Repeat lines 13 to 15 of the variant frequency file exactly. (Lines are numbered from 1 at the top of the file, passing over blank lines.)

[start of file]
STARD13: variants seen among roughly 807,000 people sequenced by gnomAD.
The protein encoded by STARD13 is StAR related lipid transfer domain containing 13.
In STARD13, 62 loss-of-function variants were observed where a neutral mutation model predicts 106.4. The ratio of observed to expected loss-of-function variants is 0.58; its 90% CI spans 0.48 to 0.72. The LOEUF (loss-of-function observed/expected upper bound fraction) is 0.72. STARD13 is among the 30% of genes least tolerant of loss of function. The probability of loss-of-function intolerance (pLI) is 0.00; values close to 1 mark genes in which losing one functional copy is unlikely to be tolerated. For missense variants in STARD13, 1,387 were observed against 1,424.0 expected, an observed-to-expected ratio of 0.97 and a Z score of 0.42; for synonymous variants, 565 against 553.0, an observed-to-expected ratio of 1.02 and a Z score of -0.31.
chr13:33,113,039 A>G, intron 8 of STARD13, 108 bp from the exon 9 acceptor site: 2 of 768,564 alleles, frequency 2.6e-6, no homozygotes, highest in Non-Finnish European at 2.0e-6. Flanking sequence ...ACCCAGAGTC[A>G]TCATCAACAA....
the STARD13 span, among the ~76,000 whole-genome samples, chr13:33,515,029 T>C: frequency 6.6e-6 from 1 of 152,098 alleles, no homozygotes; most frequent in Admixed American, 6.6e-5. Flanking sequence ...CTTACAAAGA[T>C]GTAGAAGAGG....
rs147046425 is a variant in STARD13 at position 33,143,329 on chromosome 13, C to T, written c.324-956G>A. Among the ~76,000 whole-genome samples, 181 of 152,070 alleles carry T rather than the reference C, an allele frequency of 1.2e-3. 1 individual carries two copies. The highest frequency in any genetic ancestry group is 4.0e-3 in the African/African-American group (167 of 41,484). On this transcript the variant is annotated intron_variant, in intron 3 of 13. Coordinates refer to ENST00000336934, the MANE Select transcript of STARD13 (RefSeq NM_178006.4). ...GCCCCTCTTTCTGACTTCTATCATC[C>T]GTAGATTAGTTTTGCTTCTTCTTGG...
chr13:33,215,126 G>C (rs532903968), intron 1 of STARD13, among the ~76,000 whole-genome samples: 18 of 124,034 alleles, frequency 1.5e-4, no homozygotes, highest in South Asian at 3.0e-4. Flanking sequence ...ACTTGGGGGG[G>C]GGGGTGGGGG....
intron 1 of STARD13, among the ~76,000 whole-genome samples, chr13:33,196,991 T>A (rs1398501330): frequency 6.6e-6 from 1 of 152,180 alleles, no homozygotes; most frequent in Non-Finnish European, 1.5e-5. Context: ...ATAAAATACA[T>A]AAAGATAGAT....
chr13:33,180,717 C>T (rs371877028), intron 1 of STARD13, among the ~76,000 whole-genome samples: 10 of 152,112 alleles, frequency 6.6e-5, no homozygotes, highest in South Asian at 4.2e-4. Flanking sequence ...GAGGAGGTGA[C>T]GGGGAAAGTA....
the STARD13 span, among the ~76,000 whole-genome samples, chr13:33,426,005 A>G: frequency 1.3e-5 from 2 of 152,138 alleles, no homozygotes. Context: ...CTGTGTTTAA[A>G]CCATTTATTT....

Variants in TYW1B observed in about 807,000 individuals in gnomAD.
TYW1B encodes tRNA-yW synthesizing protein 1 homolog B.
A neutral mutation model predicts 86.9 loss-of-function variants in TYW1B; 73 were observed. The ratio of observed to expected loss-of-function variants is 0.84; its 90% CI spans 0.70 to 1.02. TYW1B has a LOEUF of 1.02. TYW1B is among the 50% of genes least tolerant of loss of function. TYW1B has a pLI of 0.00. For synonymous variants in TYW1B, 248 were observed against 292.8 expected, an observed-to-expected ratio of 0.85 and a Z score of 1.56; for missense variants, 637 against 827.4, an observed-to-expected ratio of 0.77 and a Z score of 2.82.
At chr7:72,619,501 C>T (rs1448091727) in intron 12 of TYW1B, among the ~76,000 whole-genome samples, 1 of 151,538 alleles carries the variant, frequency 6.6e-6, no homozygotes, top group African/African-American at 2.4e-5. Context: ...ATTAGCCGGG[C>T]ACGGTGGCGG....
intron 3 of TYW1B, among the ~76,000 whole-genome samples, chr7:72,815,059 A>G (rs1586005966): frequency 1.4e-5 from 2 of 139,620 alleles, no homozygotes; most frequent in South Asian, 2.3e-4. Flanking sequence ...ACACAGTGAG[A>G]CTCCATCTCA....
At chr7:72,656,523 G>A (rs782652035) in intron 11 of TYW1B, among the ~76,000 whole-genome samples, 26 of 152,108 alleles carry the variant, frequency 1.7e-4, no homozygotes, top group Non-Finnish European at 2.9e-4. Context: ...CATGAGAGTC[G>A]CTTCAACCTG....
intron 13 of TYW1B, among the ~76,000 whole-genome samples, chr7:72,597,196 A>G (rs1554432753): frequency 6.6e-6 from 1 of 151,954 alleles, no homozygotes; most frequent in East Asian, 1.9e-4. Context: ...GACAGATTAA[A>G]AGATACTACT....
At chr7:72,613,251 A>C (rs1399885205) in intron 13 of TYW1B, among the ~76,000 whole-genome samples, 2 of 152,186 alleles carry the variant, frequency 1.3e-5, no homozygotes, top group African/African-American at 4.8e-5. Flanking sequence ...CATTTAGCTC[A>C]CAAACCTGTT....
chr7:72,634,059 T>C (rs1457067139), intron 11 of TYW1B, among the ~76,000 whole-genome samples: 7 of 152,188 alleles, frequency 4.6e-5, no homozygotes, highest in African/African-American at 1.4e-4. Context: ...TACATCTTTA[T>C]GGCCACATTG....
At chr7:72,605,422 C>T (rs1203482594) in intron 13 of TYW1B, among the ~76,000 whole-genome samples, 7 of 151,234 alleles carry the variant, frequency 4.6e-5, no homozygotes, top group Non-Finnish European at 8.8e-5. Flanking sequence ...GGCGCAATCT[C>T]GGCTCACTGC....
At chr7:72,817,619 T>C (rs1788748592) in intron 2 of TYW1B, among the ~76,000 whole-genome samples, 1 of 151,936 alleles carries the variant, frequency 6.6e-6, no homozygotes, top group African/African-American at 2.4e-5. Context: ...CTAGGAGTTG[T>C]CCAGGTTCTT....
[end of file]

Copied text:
A neutral mutation model predicts 86.9 loss-of-function variants in TYW1B; 73 were observed. The ratio of observed to expected loss-of-function variants is 0.84; its 90% CI spans 0.70 to 1.02. TYW1B has a LOEUF of 1.02. TYW1B is among the 50% of genes least tolerant of loss of function. TYW1B has a pLI of 0.00. For synonymous variants in TYW1B, 248 were observed against 292.8 expected, an observed-to-expected ratio of 0.85 and a Z score of 1.56; for missense variants, 637 against 827.4, an observed-to-expected ratio of 0.77 and a Z score of 2.82.
At chr7:72,619,501 C>T (rs1448091727) in intron 12 of TYW1B, among the ~76,000 whole-genome samples, 1 of 151,538 alleles carries the variant, frequency 6.6e-6, no homozygotes, top group African/African-American at 2.4e-5. Context: ...ATTAGCCGGG[C>T]ACGGTGGCGG....
intron 3 of TYW1B, among the ~76,000 whole-genome samples, chr7:72,815,059 A>G (rs1586005966): frequency 1.4e-5 from 2 of 139,620 alleles, no homozygotes; most frequent in South Asian, 2.3e-4. Flanking sequence ...ACACAGTGAG[A>G]CTCCATCTCA....